figure has three circles. The outer one is immobile, whereas the two inner
ones are mobile, as shown in the figure.
Turn the middle circle inside the outer circle to place C under B. Then turn the inner circle inside the middle circle and place D under C. This gives rise to nine cameras: first BCD, then CDE, and so forth.
Next, by placing E of the inner circle under C of the middle circle you form nine other cameras: first BCE, then CDF etc. And while all the letters of the inner circle combine in sequence with B of the outer circle and C of the middle circle, C is the medium between B and D because B and D participate with each other through the things signified by C. This applies to all the cameras. By going through the cameras in this way, you can track down the conclusions you need.
Next, combine the letters with B in the outer circle and D in the middle circle followed by the other letters of the middle circle and the inner circle, moved in sequence, while B of the outer circle remains immobile, until I of the middle circle and K of the inner circle arrive under B of the outer circle, producing 252 cameras in the process.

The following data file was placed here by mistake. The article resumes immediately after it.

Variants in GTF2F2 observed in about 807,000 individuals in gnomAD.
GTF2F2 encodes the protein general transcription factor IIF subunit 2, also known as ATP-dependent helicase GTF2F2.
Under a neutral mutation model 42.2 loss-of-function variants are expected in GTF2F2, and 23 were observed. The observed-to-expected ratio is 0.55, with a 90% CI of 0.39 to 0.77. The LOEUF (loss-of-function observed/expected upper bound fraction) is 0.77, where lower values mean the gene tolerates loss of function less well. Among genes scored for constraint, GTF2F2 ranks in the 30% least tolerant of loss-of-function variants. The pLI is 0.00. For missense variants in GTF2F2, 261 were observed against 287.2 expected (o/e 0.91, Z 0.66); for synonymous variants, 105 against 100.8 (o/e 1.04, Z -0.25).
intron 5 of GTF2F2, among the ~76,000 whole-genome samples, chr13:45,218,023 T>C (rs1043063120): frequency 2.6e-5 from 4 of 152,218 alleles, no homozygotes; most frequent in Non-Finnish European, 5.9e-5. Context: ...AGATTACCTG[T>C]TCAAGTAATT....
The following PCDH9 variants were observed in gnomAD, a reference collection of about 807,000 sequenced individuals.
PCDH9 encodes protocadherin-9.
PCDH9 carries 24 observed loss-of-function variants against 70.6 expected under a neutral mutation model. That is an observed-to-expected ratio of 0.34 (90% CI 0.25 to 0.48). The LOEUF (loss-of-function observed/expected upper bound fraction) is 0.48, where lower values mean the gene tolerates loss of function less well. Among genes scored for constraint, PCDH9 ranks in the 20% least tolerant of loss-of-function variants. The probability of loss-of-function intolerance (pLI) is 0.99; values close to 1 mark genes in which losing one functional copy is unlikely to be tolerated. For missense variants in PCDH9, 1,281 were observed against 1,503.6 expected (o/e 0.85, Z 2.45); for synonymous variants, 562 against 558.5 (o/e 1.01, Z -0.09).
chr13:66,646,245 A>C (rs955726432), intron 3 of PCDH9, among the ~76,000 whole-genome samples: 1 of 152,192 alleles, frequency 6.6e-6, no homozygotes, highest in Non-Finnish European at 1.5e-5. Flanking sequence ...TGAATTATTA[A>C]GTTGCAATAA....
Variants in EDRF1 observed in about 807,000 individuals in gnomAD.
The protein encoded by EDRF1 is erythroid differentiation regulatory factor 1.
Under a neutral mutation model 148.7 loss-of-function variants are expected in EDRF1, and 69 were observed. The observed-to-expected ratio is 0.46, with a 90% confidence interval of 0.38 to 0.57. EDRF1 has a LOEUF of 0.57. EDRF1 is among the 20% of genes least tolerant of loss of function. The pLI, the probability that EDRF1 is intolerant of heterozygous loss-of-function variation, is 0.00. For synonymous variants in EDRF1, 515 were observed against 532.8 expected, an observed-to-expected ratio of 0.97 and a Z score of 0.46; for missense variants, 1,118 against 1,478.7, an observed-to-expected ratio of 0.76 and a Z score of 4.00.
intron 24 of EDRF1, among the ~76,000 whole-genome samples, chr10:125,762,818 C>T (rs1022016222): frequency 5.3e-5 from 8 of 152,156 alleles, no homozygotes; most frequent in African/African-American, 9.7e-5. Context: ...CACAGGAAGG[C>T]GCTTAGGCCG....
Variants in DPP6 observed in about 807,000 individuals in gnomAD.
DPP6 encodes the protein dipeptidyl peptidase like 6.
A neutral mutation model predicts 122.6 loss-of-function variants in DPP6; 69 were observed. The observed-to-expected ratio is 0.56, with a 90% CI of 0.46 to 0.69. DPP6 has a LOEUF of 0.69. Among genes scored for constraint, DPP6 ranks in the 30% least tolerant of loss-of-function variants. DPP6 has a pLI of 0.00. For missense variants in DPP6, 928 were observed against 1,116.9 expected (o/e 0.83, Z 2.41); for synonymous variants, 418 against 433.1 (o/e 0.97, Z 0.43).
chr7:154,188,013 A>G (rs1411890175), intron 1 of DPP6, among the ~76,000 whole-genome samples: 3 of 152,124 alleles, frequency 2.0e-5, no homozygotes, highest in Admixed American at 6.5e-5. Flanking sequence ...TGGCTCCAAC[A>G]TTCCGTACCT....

This figure is more general than the third because each camera of this figure has three letters, whereas the third figure only has two letters par camera. This is why the intellect is more general with the fourth figure than with the third.
The fourth figure has this condition: that the intellect apply to the subject at hand the letters which seem most applicable to this subject. Once a camera is made with three letters, the intellect considers the meanings of the letters and ensures agreement between the subject and the predicate while avoiding disagreement. This condition enables the intellect to use the fourth figure to build science and to bring many reasons to bear on the same conclusion.
dealt with the four figures, and they must be known by heart, without which
the artist cannot make any good practical use of this Art.